Metazoans present a challenge in this regard. A single genome specifies many morphologically distinct cell types, and also directs the ordered processes of development and differentiation that lead to the varied structures present in an adult multicellular organism. Sequencing of metazoan genomes has not revealed a simple correlation between genome size, as measured by the number of genes, and relative complexity, as measured by number of cells and cell types and by diversity of behavior. The 959 to 1031 cells of the nematode Caenorhabditis elegans and the trillions of cells in a typical human are both specified by ~20,000-25,000 protein-coding genes. Thus, morphological and developmental complexity is not a function of increased numbers of genes, but of alternative mechanisms. For example, a higher proportion of vertebrate genes are subject to alternative splicing, as compared to invertebrates (Kim et al., 2006). Notably, however, complexity can be generated by diversification of the patterns in which genes are expressed, both spatially and temporally, within an organism.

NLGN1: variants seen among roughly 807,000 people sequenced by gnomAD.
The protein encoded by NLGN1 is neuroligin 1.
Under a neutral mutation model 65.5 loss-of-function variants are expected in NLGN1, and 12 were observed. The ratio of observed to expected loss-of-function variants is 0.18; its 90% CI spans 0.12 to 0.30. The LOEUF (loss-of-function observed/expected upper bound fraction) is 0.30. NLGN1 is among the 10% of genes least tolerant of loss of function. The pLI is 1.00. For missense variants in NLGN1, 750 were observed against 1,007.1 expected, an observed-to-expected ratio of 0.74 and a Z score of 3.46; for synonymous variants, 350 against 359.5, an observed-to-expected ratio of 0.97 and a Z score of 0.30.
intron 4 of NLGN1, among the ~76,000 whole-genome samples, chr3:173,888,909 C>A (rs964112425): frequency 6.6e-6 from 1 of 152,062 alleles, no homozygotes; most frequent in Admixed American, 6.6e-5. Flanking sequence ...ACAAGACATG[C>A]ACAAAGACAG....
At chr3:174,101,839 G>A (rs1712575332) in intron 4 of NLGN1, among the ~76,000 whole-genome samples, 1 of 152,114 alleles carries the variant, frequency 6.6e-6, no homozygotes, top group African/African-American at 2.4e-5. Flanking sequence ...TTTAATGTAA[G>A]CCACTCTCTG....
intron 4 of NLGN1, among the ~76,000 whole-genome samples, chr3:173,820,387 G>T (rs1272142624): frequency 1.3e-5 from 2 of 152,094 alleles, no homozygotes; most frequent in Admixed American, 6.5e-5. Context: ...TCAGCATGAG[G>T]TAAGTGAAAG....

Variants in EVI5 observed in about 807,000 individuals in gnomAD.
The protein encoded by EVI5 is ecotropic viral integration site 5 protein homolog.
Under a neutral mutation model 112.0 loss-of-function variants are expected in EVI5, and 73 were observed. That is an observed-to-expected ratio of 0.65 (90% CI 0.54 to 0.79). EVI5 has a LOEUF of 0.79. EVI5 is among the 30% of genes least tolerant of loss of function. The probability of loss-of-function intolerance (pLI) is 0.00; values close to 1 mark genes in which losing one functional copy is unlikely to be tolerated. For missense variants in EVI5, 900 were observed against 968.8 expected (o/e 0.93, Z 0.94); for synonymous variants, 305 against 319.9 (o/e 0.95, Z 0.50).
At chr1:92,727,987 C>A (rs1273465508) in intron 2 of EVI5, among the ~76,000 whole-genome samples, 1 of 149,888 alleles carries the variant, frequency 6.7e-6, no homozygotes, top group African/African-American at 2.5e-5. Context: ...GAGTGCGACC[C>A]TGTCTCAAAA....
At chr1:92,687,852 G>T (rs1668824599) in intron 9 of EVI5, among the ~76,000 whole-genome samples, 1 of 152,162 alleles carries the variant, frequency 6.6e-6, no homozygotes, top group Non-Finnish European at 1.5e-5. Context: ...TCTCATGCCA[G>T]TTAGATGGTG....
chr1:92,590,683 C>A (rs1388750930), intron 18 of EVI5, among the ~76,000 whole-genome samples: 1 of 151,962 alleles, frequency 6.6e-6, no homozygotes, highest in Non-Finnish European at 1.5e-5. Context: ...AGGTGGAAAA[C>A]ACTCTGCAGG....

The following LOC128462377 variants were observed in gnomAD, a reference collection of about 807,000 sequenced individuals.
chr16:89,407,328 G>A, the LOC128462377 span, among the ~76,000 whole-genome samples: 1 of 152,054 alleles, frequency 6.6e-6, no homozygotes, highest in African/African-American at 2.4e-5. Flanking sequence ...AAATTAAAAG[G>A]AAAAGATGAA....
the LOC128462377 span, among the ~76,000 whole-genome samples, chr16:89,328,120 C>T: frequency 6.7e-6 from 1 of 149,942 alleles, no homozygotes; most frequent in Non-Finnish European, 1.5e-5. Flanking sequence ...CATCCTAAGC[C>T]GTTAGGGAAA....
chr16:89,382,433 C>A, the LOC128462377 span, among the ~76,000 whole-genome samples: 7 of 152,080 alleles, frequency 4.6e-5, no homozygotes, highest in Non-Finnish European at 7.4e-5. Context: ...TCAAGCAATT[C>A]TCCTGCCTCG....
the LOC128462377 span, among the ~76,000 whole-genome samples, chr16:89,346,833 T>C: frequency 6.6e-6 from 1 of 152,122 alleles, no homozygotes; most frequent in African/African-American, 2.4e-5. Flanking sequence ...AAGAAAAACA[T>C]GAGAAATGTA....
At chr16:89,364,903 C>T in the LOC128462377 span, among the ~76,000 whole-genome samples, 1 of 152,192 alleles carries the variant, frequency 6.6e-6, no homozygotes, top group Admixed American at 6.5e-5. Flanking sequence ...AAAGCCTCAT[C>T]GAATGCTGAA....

Such diversification is enabled by a correspondingly more complex set of regulatory information in the genomes of metazoans. In particular, in metazoans transcriptional regulation is often decoupled from the confines of the promoter-proximal region and distributed among distal sequence elements, termed enhancers, which can be located far from the transcription start site. This distribution of regulatory sequences evades the limitations inherent in systems in which transcription is a function solely of the few hundred base pairs immediately upstream of a gene promoter. Recent developments in genomics, coupled with studies of covalent histone modifications, structural features of genomic DNA, functional assays for regulatory elements, methods to investigate nuclear organization, and cross-species sequence comparisons have revealed enhancers, as a class of regulatory element, to be generally and fundamentally

Finding Enhancers: Structure and Sequence